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Book Author: Jeanette De Beauvoir

ASYLUM by Jeannette de Beauvoir: Book Review

Martine LeDuc, public relations director for the city of Montréal, is called into the mayor’s office and told she would be the liaison to the police for the four murders that have shaken the city.  This sounds important, but Martine knows that she was chosen by the mayor just to get her out of his way; everyone else on his staff has important jobs to do, as he sees it, so Martine can best be spared.

She is paired with police detective Julian Fletcher, scion of a wealthy Anglo family in the city.  At first the two believe what seems obvious to everyone, that these four crimes were sexual in nature, all of the women having been raped before being murdered.  But while most serial rapists/killers attack women with similar lifestyles or looks, that’s not the case here.  One was a prostitute, one an investigative journalist, one a librarian, and the fourth a philanthropist.  They varied in age, looks, positions in life–so why were they victims?

When Martine and Julian find what they believe the women have in common, they have to work to put it all together.  And once they’re on the road to proving it, Julian is taken off the case, which may well reach into the highest levels of the Québec government and the Catholic Church.

The actual crimes committed by the church and the Québécois prime minister Maurice Duplessis in the 1940s and 1950s form the basis for this book. As the nuns and the Québec government became partners with the Central Intelligence Agency at the height of the Cold War, crimes against children were justified for that self-serving concept, “the greater good.”  I have never before read an Author’s Note that moved me to tears, but the last two pages of this novel did just that.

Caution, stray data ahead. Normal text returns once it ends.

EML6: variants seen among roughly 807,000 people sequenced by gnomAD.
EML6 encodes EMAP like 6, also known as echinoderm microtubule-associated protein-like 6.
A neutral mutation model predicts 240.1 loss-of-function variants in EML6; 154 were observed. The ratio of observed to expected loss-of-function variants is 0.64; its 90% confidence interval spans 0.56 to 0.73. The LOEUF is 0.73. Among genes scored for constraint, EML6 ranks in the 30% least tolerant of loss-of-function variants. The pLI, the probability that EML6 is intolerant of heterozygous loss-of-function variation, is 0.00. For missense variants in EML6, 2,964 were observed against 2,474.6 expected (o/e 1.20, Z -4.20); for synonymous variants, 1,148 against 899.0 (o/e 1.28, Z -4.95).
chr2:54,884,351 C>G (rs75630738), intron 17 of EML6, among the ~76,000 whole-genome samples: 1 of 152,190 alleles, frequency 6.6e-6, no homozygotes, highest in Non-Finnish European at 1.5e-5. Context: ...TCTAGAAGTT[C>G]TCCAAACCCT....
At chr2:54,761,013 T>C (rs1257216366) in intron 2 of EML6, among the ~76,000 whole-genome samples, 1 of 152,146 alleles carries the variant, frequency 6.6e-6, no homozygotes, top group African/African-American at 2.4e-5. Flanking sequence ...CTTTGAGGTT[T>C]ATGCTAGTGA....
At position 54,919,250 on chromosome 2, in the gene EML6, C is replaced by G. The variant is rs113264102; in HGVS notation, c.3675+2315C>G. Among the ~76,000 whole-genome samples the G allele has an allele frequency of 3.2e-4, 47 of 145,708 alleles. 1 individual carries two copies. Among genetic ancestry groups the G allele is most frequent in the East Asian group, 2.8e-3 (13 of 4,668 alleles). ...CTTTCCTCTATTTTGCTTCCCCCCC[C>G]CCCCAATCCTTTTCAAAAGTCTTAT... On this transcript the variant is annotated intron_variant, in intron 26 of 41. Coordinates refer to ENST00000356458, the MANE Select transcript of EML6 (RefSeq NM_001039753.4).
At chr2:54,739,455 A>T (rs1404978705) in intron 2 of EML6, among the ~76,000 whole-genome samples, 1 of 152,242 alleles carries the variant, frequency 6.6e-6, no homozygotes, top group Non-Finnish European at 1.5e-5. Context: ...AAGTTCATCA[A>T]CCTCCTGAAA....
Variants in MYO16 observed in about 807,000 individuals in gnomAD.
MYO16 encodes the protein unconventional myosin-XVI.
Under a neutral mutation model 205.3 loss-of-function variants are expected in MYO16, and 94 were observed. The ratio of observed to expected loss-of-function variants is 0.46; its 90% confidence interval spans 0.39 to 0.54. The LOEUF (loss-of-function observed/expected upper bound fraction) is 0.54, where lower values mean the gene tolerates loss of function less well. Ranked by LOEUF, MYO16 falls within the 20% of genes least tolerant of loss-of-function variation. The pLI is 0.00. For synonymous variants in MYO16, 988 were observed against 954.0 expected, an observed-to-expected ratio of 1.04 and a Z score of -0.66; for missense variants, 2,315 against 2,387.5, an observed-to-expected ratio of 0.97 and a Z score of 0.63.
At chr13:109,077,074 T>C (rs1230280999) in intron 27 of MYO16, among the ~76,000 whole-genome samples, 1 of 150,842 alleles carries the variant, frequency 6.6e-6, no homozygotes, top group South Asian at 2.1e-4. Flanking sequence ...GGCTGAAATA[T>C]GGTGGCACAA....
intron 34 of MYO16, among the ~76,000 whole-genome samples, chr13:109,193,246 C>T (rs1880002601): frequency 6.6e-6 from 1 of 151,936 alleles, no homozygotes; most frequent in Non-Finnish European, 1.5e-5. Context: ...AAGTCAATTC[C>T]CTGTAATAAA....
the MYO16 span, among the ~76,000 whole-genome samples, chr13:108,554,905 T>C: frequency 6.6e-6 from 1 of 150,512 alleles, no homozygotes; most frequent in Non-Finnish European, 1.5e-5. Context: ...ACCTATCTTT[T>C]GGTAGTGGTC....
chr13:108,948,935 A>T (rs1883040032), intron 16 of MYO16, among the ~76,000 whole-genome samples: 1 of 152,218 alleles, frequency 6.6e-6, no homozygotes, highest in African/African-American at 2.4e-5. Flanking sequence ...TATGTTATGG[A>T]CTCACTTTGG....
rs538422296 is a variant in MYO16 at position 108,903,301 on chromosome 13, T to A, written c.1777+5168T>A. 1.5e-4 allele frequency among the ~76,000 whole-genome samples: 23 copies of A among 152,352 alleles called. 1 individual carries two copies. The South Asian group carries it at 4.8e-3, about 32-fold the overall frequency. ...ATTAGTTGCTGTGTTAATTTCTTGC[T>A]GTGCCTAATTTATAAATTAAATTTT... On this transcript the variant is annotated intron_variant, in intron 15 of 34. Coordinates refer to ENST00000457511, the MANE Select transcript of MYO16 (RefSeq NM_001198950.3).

The novel is told in two voices, one being Martine’s in the present and the other excerpts from an unknown child’s diary written decades ago.  We are able to follow the story of this girl and the other orphans as they are moved from their homes, first to orphanages and then to asylums for the benefit of the church, the physicians who “cared” for them, and the mysterious firm that paid for the drugs that were used on them.

In the middle of the last century, the government of Québec paid the church $1.25 daily for each child in an orphanage and $2.25 for each person in a mental hospital.  So children were transferred to the asylum of Cité de Saint Jean-de-Dieu that was run by nuns; these children became, overnight, legally insane.  They were put into restraints, left for hours in cold water baths, and given mind-altering drugs to see how they were affected.  If this sounds like some horrific fantasy by George Orwell or Aldous Huxley, unfortunately it’s not; it was all too true.

Martine LeDuc is a terrific heroine.  She’s bright, good at her job, and obviously distraught at what she and Julian have discovered went on in Québec more than seventy ago.  She’s determined to right the wrongs committed by those in power as best she can, in part by making her discoveries public.  But, of course, that leads to great danger for herself.

Jeannette De Beauvoir has written other novels under various pseudonyms, but Asylum is the first featuring Martine LeDuc.  I hope it is the beginning of a series.

You can read more about Jeannette de Beauvoir at  this web site.

Check out the complete Marilyn’s Mystery Reads at her web site.